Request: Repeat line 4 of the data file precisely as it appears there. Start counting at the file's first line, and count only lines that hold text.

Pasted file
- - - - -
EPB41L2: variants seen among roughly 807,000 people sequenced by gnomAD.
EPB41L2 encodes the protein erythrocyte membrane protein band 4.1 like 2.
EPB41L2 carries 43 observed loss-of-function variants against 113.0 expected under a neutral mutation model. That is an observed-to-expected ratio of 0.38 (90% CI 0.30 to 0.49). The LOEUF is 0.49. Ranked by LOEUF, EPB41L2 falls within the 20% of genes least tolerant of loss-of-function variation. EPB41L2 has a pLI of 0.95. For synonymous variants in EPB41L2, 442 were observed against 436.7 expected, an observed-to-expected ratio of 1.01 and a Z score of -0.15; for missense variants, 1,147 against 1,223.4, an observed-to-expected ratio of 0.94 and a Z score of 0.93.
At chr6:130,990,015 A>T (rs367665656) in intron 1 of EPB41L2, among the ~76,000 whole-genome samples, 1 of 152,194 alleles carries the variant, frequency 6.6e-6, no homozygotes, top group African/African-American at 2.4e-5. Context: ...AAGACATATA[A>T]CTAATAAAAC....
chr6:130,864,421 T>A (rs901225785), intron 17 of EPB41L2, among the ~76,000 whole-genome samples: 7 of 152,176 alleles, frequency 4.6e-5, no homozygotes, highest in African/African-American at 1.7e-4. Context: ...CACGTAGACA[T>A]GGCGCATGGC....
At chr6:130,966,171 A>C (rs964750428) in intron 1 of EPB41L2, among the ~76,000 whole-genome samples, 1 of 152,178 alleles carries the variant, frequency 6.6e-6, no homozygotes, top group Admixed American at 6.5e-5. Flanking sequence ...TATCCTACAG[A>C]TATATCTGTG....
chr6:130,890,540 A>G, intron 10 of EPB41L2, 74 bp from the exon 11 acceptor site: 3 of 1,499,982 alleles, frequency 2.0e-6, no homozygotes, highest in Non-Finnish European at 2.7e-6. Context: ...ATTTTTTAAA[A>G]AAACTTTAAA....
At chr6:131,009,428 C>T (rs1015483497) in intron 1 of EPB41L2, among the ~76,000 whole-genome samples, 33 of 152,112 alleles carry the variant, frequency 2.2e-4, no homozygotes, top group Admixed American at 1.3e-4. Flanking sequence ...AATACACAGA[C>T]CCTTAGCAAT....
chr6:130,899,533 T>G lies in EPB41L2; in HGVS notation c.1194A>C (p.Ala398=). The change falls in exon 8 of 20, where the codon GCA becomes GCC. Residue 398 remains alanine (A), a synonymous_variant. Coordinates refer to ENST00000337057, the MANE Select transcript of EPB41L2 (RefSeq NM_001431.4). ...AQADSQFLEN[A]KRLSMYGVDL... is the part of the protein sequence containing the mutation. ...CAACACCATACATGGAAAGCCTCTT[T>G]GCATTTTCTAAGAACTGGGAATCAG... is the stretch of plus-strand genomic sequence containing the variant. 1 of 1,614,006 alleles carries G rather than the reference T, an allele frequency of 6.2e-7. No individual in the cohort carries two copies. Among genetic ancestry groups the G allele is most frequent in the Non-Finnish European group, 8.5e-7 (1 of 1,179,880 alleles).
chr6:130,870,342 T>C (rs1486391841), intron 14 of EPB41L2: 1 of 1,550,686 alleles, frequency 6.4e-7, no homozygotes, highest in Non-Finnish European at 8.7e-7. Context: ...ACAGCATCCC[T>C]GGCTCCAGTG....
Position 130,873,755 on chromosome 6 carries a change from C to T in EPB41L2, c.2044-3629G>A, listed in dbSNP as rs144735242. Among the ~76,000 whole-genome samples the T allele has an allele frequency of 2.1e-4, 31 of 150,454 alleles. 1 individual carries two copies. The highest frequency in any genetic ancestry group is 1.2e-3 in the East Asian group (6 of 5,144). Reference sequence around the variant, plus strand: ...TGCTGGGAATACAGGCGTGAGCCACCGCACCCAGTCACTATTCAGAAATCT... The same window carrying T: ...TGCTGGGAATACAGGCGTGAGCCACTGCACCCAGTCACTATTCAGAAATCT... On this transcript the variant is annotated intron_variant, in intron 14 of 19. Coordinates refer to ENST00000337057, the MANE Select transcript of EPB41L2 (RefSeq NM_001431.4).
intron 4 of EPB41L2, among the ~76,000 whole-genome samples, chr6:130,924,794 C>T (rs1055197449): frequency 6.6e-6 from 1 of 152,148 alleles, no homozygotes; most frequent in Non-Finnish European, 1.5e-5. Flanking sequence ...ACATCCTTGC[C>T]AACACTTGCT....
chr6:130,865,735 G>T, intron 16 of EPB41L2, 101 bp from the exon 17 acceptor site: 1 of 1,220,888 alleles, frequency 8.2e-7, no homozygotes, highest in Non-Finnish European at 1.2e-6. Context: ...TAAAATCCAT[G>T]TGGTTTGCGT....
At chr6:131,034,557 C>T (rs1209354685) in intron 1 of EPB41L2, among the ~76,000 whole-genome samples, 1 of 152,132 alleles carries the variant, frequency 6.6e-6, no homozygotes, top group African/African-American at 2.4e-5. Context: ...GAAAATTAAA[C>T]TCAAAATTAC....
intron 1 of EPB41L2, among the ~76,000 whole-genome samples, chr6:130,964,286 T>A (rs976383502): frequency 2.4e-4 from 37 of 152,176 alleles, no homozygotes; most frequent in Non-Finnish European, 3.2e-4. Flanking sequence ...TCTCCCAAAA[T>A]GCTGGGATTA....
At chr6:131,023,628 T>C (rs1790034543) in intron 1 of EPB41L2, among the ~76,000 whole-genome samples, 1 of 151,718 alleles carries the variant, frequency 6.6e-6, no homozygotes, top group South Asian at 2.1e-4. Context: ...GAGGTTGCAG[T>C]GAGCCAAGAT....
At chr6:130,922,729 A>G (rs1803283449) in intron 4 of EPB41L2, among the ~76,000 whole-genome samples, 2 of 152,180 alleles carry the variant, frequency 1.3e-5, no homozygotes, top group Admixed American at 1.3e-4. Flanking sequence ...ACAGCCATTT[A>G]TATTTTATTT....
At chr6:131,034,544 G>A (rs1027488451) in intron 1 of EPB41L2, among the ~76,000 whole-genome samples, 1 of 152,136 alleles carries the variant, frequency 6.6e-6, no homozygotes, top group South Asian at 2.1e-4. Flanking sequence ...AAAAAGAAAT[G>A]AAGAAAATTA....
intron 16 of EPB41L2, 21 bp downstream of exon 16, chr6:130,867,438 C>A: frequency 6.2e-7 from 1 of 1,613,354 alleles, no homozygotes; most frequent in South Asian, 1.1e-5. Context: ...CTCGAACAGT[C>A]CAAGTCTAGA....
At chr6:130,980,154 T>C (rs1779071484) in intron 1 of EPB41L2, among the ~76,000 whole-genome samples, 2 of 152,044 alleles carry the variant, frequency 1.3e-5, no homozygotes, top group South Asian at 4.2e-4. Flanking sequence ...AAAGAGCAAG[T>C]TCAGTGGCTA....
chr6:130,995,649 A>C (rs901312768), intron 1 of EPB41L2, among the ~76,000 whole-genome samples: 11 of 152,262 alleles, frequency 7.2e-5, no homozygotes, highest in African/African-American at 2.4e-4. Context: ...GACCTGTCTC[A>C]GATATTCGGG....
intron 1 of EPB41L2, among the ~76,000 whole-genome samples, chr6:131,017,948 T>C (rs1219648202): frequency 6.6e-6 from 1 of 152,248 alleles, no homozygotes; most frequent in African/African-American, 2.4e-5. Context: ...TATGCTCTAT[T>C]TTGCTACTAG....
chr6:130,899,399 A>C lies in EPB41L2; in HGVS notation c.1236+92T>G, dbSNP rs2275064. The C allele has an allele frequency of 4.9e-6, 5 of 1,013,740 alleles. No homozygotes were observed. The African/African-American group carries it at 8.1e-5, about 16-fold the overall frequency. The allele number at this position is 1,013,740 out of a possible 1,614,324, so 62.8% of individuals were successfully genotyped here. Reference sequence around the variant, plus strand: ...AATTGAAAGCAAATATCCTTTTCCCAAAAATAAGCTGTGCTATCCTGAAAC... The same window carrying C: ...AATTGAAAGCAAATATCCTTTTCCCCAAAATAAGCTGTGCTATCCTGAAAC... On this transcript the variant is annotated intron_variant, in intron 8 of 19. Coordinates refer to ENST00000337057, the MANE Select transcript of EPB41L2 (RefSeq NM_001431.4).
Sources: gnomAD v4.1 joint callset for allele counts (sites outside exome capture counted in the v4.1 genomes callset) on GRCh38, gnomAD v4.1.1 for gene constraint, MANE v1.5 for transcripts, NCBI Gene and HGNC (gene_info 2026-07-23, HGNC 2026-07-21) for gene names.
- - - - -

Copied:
At chr6:130,990,015 A>T (rs367665656) in intron 1 of EPB41L2, among the ~76,000 whole-genome samples, 1 of 152,194 alleles carries the variant, frequency 6.6e-6, no homozygotes, top group African/African-American at 2.4e-5. Context: ...AAGACATATA[A>T]CTAATAAAAC....